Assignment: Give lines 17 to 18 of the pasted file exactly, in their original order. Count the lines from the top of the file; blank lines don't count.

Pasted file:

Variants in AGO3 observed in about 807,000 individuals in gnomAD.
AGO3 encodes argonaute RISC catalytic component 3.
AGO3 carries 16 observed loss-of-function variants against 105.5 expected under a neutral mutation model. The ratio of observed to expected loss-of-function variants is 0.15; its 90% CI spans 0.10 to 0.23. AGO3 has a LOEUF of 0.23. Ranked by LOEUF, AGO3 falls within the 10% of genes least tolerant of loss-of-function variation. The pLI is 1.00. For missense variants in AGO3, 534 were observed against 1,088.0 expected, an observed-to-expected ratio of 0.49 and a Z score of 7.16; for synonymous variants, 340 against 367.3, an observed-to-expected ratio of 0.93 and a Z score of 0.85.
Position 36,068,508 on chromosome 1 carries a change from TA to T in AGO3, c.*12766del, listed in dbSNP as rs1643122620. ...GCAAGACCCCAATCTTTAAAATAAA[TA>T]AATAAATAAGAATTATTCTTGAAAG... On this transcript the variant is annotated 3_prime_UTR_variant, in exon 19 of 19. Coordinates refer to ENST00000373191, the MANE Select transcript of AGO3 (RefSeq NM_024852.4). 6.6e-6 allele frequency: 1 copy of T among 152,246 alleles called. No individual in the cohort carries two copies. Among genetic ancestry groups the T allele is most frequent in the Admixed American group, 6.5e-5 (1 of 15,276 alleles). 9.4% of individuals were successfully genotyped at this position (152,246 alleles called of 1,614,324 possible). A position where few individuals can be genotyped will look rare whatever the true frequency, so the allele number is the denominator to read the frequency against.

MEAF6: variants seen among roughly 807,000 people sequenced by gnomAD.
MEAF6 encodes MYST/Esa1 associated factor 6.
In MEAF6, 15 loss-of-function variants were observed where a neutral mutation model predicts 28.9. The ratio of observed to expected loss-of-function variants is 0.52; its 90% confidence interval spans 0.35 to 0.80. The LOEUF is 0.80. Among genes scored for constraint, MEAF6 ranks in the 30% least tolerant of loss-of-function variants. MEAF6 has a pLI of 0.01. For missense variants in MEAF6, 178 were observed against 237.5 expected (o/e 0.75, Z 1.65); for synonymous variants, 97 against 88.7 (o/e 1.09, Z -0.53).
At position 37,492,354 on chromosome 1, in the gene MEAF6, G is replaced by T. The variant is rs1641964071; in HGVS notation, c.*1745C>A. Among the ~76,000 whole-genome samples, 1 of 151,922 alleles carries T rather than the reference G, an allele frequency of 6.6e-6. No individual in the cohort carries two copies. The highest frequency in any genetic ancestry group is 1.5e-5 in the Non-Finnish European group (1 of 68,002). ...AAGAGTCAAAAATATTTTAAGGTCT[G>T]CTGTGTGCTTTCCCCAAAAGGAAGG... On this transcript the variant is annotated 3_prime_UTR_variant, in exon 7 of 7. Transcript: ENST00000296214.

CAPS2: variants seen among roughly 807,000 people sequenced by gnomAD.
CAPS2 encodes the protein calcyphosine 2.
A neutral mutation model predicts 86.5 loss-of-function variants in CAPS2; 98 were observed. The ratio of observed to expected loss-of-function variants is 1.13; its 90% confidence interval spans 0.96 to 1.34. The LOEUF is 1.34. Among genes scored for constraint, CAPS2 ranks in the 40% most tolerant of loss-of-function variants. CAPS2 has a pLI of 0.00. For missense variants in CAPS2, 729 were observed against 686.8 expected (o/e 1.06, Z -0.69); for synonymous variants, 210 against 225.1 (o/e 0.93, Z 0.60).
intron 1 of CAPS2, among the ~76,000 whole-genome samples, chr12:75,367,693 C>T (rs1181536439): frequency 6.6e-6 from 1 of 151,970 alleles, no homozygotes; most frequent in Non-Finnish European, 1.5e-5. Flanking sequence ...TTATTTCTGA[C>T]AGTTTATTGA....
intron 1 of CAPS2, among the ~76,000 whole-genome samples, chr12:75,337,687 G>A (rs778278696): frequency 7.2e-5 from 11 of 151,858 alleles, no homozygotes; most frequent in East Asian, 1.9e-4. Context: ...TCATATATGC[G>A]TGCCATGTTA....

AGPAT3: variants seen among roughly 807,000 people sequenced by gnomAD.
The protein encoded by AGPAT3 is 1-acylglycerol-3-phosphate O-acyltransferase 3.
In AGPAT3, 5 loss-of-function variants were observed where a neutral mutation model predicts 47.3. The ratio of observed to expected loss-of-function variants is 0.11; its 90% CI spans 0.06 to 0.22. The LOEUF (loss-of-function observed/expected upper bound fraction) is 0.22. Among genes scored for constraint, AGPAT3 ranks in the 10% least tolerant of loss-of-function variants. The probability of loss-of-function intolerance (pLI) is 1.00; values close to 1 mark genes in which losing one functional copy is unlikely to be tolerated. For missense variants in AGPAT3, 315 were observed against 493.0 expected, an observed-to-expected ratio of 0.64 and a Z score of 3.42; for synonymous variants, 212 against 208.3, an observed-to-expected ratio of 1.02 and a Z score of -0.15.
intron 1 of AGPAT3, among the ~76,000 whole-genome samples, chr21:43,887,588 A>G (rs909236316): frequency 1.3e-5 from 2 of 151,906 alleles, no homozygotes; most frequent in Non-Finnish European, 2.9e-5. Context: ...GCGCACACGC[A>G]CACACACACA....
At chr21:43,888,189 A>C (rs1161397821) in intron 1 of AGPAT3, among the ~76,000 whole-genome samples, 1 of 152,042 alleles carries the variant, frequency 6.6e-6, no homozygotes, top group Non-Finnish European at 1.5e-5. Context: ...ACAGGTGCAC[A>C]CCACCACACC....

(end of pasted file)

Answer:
intron 1 of AGPAT3, among the ~76,000 whole-genome samples, chr21:43,887,588 A>G (rs909236316): frequency 1.3e-5 from 2 of 151,906 alleles, no homozygotes; most frequent in Non-Finnish European, 2.9e-5. Context: ...GCGCACACGC[A>G]CACACACACA....
At chr21:43,888,189 A>C (rs1161397821) in intron 1 of AGPAT3, among the ~76,000 whole-genome samples, 1 of 152,042 alleles carries the variant, frequency 6.6e-6, no homozygotes, top group Non-Finnish European at 1.5e-5. Context: ...ACAGGTGCAC[A>C]CCACCACACC....